Labour & Employment Law Law of Evidence Litigaship Series


DURU v. FRN (2020) LPELR-50099In a criminal proceeding, upon the arraignment of a defendant and when the Court is satisfied or unequivocally assured that the defendant understands the charge/information read over and explained to him, he (the defendant) has the right to make a plea to the charge. Such defendant can choose to plead guilty or plead not guilty.

Where the defendant pleads not guilty, such defendant is deemed to have put himself to trial. See Section 273 ACJA. This includes the usual processes or procedure of a full trial – the Prosecution opening its case and the defendant making the necessary defence, calling of witnesses, tendering of evidence, and so on.

However, where a defendant pleads guilty to an offence with which he is charged, the Court shall inter alia record his plea and invite the Prosecution to state the facts of the case. See Section 274(1) ACJA.

The invitation of the Prosecution to state and summarize the facts of the case is not synonymous to making a testimony before the Court. Thus, in the case of DURU v. FRN (2020) LPELR-50099, the Court maintained the position in the following words:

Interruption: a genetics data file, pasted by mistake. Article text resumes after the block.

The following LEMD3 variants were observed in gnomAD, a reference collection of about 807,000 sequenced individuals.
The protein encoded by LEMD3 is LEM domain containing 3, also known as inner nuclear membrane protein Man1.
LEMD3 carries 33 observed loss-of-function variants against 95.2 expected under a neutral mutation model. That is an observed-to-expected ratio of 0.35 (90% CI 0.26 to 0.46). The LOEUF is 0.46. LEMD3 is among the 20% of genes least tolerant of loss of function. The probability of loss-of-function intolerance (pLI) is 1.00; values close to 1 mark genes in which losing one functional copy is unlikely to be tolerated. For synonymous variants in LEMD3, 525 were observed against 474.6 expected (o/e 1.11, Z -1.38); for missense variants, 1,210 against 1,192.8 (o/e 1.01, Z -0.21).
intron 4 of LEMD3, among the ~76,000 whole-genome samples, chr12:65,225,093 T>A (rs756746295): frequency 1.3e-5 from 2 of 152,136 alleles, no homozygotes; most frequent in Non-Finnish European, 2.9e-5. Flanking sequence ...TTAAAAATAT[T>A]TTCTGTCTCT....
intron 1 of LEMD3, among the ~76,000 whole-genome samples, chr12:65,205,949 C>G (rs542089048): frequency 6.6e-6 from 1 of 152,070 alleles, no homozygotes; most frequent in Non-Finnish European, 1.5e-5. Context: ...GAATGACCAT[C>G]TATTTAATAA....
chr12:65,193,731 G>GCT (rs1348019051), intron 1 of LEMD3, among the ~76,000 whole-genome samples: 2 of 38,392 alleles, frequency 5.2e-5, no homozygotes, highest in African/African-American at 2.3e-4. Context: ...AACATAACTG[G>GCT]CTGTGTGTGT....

“The counsel stating the facts of the case and tendering documents in support of the facts cannot be equated to being a witness in the matter since the effect of the appellant had pleaded guilty is that it obviated the need for a formal hearing”.
KEY WORDS: Arraignment, Charge, Information, Plea of guilty.

OKWUSIDI v. LAUTECH (2012) All FWLR (Pt. 632) 1771It remains a well-known and widely accepted principle of law that parties are bound by the terms and conditions of their contract. A contract of employment binds both the employer and the employee in all circumstances expressly mentioned; both parties are also bound by the terms and conditions inherent.

Thus, any action whatsoever to be taken by either parties must not run contrary to the provisions of the contractual terms. In this sense, an employee’s contract of employment can only be validly terminated if same is in line with the contractual terms as executed by them.

So, should there be any question as to whether an employee’s contract was wrongfully terminated, recourse must first of all be made to the terms and conditions of such contract. By the decision of the Court in OKWUSIDI v. LAUTECH (supra), the same principle extends to computation of damages accruing to an employee whose contract has been wrongfully terminated.

KEY WORDS: Contract of employment, termination of contract, computation of damages.

Wale Toheeb Adeagbo
Head, Litigaship Series
Law Axis 360°


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